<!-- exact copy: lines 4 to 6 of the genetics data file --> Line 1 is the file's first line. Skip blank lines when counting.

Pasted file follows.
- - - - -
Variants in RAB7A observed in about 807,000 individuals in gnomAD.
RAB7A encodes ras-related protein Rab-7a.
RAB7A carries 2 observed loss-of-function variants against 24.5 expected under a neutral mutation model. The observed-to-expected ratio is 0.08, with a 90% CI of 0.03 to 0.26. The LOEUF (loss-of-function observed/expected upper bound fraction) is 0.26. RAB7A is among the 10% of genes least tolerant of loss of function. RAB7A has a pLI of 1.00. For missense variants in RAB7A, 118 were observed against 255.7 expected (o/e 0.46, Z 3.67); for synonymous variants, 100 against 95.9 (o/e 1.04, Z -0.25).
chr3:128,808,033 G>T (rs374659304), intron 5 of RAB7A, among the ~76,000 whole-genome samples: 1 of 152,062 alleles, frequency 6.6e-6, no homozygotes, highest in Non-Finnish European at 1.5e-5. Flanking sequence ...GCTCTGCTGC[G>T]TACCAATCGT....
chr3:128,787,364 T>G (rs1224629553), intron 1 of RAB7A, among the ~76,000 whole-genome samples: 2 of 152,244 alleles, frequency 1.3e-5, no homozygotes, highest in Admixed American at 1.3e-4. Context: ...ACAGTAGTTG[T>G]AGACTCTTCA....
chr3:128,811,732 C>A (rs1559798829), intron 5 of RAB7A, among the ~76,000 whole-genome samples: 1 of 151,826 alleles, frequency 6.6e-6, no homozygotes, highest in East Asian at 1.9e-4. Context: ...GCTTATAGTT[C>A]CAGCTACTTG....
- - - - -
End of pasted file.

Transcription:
chr3:128,808,033 G>T (rs374659304), intron 5 of RAB7A, among the ~76,000 whole-genome samples: 1 of 152,062 alleles, frequency 6.6e-6, no homozygotes, highest in Non-Finnish European at 1.5e-5. Flanking sequence ...GCTCTGCTGC[G>T]TACCAATCGT....
chr3:128,787,364 T>G (rs1224629553), intron 1 of RAB7A, among the ~76,000 whole-genome samples: 2 of 152,244 alleles, frequency 1.3e-5, no homozygotes, highest in Admixed American at 1.3e-4. Context: ...ACAGTAGTTG[T>G]AGACTCTTCA....
chr3:128,811,732 C>A (rs1559798829), intron 5 of RAB7A, among the ~76,000 whole-genome samples: 1 of 151,826 alleles, frequency 6.6e-6, no homozygotes, highest in East Asian at 1.9e-4. Context: ...GCTTATAGTT[C>A]CAGCTACTTG....